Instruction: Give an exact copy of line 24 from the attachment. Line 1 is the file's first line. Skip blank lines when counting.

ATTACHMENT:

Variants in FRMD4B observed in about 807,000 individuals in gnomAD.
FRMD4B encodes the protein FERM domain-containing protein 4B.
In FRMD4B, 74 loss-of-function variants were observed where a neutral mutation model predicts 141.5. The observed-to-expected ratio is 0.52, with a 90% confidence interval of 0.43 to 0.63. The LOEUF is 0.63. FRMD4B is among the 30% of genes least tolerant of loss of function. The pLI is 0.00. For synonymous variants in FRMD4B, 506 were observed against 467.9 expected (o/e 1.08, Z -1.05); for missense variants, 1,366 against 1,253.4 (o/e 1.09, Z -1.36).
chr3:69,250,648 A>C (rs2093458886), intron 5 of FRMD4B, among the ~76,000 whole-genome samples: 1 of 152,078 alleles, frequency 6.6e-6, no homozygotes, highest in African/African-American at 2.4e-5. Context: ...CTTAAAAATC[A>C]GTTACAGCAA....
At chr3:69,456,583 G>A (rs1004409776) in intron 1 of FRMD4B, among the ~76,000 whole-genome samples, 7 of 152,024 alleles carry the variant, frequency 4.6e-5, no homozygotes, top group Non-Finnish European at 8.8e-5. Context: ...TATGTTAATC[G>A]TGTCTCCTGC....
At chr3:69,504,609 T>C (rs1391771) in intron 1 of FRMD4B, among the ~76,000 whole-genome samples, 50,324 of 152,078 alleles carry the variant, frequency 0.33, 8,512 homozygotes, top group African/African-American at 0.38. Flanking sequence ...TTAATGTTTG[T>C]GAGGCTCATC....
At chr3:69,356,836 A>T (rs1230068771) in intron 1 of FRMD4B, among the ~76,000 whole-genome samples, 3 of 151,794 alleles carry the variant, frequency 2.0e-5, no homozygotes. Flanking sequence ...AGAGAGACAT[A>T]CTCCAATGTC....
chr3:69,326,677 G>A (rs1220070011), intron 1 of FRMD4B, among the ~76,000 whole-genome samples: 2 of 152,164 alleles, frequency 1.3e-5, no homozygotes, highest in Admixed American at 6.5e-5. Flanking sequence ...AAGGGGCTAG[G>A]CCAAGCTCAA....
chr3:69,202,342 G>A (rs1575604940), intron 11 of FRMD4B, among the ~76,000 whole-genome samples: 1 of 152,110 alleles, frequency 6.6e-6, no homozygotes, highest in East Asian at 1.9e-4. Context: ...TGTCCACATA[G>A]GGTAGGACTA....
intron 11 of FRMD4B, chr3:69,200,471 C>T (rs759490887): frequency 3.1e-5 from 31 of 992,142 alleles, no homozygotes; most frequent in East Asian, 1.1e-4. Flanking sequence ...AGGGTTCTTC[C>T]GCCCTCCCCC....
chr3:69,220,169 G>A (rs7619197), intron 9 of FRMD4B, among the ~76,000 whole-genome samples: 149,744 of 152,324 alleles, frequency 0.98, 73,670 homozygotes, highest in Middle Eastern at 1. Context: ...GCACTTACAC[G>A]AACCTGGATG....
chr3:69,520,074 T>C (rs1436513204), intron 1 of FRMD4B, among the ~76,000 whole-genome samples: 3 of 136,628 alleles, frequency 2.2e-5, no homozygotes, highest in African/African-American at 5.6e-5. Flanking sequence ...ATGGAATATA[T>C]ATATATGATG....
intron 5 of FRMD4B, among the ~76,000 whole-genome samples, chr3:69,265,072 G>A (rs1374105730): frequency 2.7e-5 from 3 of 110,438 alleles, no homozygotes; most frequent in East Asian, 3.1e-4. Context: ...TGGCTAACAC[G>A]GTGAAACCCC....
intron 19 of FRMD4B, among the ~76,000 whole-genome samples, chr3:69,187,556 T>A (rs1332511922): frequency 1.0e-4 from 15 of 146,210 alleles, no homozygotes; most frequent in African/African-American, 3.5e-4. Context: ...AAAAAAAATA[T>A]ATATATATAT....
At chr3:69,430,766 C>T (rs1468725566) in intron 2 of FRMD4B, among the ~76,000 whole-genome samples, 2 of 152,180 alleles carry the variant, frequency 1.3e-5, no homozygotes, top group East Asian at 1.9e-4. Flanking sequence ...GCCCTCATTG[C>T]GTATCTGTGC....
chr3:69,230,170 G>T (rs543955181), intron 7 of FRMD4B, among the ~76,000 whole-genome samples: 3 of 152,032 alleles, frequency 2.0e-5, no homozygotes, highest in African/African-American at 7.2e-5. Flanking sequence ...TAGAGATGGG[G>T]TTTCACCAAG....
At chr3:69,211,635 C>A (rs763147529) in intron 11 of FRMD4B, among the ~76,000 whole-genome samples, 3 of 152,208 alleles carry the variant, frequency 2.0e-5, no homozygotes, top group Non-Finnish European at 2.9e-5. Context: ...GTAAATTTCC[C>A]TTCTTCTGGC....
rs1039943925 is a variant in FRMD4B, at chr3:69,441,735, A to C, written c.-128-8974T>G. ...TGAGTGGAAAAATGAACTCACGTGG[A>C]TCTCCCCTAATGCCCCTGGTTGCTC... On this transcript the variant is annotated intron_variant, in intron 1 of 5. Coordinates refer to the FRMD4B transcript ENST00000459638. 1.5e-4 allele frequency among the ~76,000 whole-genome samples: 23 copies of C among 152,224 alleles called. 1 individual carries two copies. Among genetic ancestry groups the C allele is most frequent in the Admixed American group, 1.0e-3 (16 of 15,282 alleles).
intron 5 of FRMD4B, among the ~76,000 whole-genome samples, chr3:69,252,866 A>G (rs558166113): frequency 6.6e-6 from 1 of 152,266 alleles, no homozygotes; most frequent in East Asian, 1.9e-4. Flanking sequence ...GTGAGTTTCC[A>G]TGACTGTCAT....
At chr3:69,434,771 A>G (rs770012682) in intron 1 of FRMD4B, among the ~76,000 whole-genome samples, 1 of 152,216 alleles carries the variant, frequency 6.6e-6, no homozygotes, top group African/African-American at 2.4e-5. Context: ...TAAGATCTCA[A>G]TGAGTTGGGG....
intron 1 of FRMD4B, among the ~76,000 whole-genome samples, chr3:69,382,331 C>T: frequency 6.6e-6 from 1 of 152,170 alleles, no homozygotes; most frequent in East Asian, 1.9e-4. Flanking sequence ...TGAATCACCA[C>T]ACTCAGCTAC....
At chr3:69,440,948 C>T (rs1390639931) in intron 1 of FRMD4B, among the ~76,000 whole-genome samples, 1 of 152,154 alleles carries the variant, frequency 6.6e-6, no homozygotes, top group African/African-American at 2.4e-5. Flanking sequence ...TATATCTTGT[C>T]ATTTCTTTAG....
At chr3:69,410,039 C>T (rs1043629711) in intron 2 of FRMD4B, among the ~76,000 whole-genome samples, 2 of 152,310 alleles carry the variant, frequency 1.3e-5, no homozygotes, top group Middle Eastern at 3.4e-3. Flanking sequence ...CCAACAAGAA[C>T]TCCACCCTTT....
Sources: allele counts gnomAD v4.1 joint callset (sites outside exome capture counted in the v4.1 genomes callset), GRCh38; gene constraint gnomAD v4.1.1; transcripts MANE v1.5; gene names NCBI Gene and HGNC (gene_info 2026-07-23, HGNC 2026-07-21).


Sources: allele counts gnomAD v4.1 joint callset (sites outside exome capture counted in the v4.1 genomes callset), GRCh38; gene constraint gnomAD v4.1.1; transcripts MANE v1.5; gene names NCBI Gene and HGNC (gene_info 2026-07-23, HGNC 2026-07-21).